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Considering Children’s Mental Health During Divorce

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Statistics are showing that divorce rates in England and Wales are at an all time low since 1973, yet it’s still a hot topic in the media. Of course, no couple that gets married expect that they’ll get divorced, and it can be a traumatic time for the time. Apart from the turmoil this can cause for the couple, it can have serious effects for the children.

Obviously, not all divorces are as ugly as they are in the films, but they’re an extremely emotional time, nonetheless.

The age of the child is irrelevant, if your family is essentially split in half, it can have negative effects on a child’s mental health. So, in this article, we will explore how this can affect children, and how you can minimise damage.

Experiencing Change

The amount of change the child will experience will affect their life drastically. For a younger child progressing through their developmental years, having one parent moving out of the house can be confusing.

At a younger age, they are unable to understand why one of their parents no longer lives with them. There is research to suggest that an older child can come to terms with divorce easier than minors. Despite this, they are the most likely to bear the brunt of the effect of change. The breakdown of a marriage could mean them moving to a new house, moving school, or no longer seeing one of their parents. It could also mean the family is less well-off financially. For example, in the past, your child may have been able to go away on a school trip each year with their friends, whether it be skiing or a pre-summer break.

Most likely, there will be two mortgages being paid rather than one, so there isn’t as much money as there was to afford the majority of ‘wants’ in life. This will irritate and upset a child who has grown accustomed to such a lifestyle. This strain at work may even cause you to seek assistance from divorce help specialists.

Bad Behaviour & Acting Out

Something to consider is making sure you tackle the lack of understanding. A failure to understand a situation can develop into frustration, and in many cases, this can result in anger. Often, with one parent absent, the consistent level of discipline that was once there has now been removed. Rather than dishing out punishment for bad behaviour, try to understand the position in which the child finds themselves.

Try not to forget that the children are also going through something emotionally frustrating. Therefore, be patient and take into consideration the way you are acting around them.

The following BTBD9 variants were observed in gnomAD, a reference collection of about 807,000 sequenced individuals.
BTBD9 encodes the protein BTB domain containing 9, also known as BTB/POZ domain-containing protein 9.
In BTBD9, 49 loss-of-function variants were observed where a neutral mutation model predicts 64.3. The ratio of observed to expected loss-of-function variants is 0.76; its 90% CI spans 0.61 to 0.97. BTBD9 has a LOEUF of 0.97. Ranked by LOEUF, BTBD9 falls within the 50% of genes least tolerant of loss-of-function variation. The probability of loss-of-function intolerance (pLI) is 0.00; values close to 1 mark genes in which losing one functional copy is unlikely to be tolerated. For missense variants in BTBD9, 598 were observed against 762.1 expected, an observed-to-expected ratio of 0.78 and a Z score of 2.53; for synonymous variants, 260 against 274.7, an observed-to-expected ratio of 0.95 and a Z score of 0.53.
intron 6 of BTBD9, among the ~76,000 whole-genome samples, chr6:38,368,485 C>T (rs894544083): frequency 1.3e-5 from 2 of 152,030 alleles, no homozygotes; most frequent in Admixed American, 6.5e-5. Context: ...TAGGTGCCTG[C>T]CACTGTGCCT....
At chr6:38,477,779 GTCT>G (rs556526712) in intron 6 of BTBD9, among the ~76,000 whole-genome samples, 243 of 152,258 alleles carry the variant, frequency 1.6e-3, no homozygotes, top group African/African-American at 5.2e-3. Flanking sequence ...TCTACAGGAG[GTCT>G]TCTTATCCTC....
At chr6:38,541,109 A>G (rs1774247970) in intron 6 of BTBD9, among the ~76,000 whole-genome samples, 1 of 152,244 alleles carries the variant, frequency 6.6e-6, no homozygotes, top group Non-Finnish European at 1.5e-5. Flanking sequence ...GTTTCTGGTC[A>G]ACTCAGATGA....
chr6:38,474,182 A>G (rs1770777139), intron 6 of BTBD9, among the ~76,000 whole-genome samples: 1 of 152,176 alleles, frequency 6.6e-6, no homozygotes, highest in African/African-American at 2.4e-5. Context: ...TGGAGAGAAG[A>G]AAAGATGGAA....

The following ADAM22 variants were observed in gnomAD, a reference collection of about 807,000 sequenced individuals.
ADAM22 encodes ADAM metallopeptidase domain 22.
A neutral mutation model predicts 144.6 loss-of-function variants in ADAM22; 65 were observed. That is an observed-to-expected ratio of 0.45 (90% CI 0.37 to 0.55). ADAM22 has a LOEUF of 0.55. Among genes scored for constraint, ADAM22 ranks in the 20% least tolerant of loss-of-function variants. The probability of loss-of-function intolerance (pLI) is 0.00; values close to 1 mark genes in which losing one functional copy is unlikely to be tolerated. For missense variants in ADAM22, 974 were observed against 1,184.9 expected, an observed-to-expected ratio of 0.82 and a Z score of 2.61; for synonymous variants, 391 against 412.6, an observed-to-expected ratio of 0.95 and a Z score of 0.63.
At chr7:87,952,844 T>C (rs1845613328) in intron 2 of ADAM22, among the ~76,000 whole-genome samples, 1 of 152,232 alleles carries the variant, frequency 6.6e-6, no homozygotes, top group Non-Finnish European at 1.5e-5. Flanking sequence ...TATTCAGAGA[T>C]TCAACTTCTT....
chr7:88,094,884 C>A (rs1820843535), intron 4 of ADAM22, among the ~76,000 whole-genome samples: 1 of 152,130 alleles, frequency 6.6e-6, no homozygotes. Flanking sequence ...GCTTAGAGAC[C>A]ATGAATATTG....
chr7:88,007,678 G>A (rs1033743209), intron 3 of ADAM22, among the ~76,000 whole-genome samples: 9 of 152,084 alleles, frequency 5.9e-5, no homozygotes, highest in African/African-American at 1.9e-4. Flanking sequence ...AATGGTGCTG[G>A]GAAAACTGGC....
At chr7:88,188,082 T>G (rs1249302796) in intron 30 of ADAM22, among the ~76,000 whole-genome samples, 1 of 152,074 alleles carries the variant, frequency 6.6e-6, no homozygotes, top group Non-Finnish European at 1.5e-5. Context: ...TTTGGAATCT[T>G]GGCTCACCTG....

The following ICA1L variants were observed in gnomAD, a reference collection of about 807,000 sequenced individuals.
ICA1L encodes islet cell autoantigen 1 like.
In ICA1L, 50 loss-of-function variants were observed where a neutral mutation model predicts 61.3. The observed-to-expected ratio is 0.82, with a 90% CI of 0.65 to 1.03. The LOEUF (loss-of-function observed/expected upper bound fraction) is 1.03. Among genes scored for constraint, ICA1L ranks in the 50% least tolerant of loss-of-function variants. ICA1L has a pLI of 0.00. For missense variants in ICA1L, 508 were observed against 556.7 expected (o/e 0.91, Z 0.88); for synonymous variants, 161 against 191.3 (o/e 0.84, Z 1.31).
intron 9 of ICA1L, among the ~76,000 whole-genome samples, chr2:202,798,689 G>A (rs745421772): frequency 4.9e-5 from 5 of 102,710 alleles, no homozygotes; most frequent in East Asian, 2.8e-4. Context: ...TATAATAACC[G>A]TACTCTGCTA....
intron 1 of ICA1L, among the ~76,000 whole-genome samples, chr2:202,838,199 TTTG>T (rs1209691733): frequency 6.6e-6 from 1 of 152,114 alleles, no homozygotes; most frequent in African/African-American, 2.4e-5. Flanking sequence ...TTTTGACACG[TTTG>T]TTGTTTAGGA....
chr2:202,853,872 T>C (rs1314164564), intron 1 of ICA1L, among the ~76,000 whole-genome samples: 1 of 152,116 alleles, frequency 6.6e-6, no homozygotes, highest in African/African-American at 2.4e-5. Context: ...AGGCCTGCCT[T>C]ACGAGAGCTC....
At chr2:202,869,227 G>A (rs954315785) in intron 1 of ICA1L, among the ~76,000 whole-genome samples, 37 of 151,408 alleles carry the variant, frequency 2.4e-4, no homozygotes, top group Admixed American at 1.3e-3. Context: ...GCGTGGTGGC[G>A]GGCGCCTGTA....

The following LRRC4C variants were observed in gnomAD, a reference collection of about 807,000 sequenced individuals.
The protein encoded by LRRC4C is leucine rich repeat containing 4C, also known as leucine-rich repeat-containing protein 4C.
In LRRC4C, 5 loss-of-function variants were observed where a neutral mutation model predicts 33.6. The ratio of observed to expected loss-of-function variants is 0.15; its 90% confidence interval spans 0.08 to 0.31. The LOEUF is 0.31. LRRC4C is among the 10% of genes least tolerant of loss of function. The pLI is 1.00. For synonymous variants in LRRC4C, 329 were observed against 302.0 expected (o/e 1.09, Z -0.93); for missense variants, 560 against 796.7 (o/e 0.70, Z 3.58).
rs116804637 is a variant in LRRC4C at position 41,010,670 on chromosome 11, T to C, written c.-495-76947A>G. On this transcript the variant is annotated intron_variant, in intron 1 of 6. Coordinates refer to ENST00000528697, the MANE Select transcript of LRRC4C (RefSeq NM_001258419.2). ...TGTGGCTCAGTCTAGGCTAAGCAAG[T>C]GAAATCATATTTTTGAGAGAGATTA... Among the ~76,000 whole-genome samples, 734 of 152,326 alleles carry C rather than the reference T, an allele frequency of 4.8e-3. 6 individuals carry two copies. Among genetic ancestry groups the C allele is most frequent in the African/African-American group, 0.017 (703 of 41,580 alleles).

Children take notice of their surroundings. So, if one parent is badmouthing another, they are likely to pick up on this and replicate it. Although the situation between both co-parents may be rather toxic, for the sake of the child’s emotional stability, communication is key. Monitoring behaviour around both parents, particularly if they are now living in different homes, is an effective way to quash any behavioural issues.

Benefits of a Stable Education

It’s unsurprising that a stable education will act as a positive foundation for the child’s mental health. Research has discovered that children who grow up in a two-parent, married family are more likely to do better at school. They are more likely to be less disruptive in class, and less aggressive towards other classmates. In terms of their academic performance, children whose parents’ marriage is intact are more likely to do their work without being forced.

In 2014, the BBC concluded from research that 65 per cent of children with divorced parents did worse in their GCSEs, while 44 per cent also believed their A-Level results had suffered. Resolution, who conducted the research, proposed that the disruption of moving school could be at fault for the exam results.

Although many parents try to stay together for the child’s benefit until they’re older, this can be damaging to a child. If the living arrangement is unhappy, the child will pick up on it. Be honest with yourselves and your children and do the right thing. But don’t fail to consider those caught in the crossfire.

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Sources

https://www.ourfamilywizard.co.uk/blog/behavioural-issues-children-after-divorce

https://www.verywellfamily.com/psychological-effects-of-divorce-on-kids-4140170

https://www.parents.com/parenting/relationships/should-i-stay-in-my-marriage-for-the-kids/

https://www.bbc.co.uk/news/education-30177051